Michael Pinto: Cabotage conundrums

For reasons not easy to fathom, successive governments have found it difficult and messy to deal with the question of cabotage. Both the UPA and the NDA have approached the problem with all the embarrassed wariness of an elderly spinster asked to take a class in sex education for rowdy teenagers. The result is that both have stumbled badly in a futile effort to please both those who favour its retention and those who want it abolished.

At its simplest, cabotage simply means reserving cargo carried on the coast of a country for that country's flag vessels. Section 407 of the Merchant Shipping Act requires any foreign flag vessel to take prior permission for plying on the Indian coast and this permission is granted only if it is shown that there is no Indian flagged vessel available for the voyage. This position has prevailed since independence, but the citadel was breached some years ago when, for a period of three years, government allowed foreign flag vessels to carry containers from Vallarpadam in Cochin to other Indian ports.

A re-think on the cabotage issue became imperative because of the huge numbers of Indian containers being transshipped at ports outside India. Typically, large mother ships only call at hub ports where cargo meant for smaller ports is off-loaded and sent to its final destinations in smaller vessels and export cargo brought by these same vessels is picked for delivery at other hub ports. This hub-and-spoke operation is referred to as transshipment. When Indian exim cargo is transshipped in foreign ports the country loses both in terms of cost as well as time taken. Indian cargo is transshipped at many ports but the lion's share is taken by Colombo. Hence Vallarpadam on the west coast was earmarked as the preferred port for transshipment because of its proximity to international shipping routes and its ability to compete with neighbouring Colombo.

Unfortunately, domestic opposition to the complete abolition of cabotage forced the previous government to exempt only Vallarpadam from its operation, and for just three years at that. The problem is that cabotage is not a switch that can be turned on and off at will. If the relaxation is only for three years why would any ship-owner think of shifting from Colombo or anywhere else to Vallarpadam? Switching hub ports is a complicated business involving revised schedules, new agents and a host of other formalities. No line will do this for just three years and hence the much-vaunted relaxation has not delivered.

The new government's attempts to remedy this position, however, have actually made things much worse. The new policy mandates that to qualify as a transshipment port, a port must show that at least 50 per cent of its cargo is transshipment cargo. If the port cannot achieve this within one year it will lose its exemption from cabotage and will not be eligible for such exemption for the next three years. A new port gets a grace period of an extra year but the penalty for failure is the same. How can any port guarantee that at least 50 per cent of its cargo will be transshipment cargo? Lines have to be wooed to use Indian ports for transshipment and to presume that this can be done in a matter of one year is preposterous. Besides, what about existing ports? Can the J N Port, which currently handles nearly five million TEUs, ensure that within one year at least half of these will be transshipped?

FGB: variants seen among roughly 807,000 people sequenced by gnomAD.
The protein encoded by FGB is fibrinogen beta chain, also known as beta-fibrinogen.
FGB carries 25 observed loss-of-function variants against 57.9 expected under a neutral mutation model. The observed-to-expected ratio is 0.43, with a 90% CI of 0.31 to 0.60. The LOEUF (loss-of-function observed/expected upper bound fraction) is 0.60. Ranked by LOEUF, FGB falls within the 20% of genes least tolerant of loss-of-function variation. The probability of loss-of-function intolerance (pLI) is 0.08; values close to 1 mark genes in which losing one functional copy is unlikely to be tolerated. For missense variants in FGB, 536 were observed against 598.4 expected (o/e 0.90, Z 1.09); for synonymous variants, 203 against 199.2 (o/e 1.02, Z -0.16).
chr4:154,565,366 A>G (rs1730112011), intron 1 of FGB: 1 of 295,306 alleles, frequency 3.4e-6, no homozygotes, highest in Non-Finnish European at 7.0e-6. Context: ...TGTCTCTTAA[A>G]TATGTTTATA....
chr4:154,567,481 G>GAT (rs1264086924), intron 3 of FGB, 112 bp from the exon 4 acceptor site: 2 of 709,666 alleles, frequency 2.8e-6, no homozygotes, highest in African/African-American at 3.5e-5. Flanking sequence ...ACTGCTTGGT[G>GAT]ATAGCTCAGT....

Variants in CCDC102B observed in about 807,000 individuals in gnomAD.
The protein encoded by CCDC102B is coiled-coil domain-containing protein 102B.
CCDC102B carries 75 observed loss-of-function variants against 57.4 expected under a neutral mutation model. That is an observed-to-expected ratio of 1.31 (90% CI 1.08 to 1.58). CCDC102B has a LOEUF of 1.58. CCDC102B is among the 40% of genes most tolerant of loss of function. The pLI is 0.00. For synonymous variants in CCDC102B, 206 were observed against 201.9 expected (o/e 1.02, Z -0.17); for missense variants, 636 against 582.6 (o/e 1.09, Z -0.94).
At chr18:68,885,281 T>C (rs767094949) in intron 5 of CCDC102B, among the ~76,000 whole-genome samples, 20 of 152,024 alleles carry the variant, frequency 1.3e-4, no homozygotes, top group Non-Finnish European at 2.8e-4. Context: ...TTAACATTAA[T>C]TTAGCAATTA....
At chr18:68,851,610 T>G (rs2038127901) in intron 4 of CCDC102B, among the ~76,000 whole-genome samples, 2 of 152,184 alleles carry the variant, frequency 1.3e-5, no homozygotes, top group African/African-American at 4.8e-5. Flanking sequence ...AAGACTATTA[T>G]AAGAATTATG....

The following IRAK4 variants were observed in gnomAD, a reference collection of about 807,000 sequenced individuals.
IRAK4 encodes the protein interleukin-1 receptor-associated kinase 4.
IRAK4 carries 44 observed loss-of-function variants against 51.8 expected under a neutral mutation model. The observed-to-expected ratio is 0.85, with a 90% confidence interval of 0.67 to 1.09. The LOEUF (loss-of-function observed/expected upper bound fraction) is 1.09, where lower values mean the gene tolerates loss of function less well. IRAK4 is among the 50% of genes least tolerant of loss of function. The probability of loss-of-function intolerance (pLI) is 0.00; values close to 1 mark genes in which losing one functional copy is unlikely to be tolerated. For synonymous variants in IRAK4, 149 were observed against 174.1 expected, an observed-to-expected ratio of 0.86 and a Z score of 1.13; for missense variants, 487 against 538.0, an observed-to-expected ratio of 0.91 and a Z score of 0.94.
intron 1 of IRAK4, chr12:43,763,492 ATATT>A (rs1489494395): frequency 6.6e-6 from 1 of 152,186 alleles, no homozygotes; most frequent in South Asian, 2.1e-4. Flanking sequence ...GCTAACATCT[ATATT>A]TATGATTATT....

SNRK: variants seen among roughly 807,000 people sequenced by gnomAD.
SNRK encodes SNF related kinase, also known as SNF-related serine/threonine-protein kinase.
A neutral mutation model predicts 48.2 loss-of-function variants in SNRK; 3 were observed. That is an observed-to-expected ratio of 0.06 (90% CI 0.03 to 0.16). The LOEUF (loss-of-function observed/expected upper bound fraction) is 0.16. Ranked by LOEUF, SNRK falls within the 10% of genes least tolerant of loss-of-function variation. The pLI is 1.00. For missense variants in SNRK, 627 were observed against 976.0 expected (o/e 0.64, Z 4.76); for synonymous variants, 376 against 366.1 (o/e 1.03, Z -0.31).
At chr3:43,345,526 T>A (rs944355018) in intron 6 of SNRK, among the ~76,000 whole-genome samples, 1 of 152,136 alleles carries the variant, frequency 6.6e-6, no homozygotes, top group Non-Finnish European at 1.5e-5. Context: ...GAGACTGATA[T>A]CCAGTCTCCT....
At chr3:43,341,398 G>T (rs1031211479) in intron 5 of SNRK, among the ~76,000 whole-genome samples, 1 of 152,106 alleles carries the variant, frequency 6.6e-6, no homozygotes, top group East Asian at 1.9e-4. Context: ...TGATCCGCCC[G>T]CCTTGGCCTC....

The problem lies in our touching belief that shipping lines are queuing up to use our ports. The fact is that there are so many viable alternatives that lines are spoilt for choice. Not just Colombo but Dubai, Salalah, Singapore and other ports all handle Indian transshipment cargo. Ports compete desperately to get a share of such cargo. In a bid to woo business from Singapore, the Malaysian port of Tunjung Pelepas offered mind-boggling incentives to lines. The port now handles nine million TEUs and is ranked in the first 20 container ports in the world, but the results have not come without solid government support and huge sacrifice in terms of profits foregone. To assume that 50 per cent of an existing port's cargo can overnight become transshipment cargo is naïve. Equally naïve is the belief that a new port can achieve this in two years.

Other conditions laid down in the new policy are even more onerous. Ports covered under this new policy must ensure 100 per cent radiological scanning of all containers. If such scanning is needed, then surely it should apply to all ports, whether or not they transship cargo? This is a security requirement and is, therefore neutral to whether cargo is transshipped or not. Similarly, foreign vessels exempted from cabotage laws must get security clearance from the ministries of home and defence. By just this one clause the new policy has ensured that it will be ineffective even before it begins.

There is a case for coastal ship owners to claim a monopoly on the movement of both finished goods and raw materials along the coast. These are domestic goods for domestic consumption. But exim cargo that either originates in or is destined for an overseas location must not come within this band even if it has to move from one Indian port to another on its journey within the country. If we do not follow this principle, lines will vote with their feet for foreign ports and the bulk of our exim cargo will continue to be transshipped outside. Logistics costs will remain high but, more importantly, Indian coastal ship owners will not benefit because there will be no preference for them in foreign ports.

The bottom line is that government doesn't really need to issue a complicated order detailing terms and conditions that cannot possibly be met. It's enough to say that Section 407 of the Merchant Shipping Act will not apply to containerised exim cargo.

The writer is a former Secretary for Shipping

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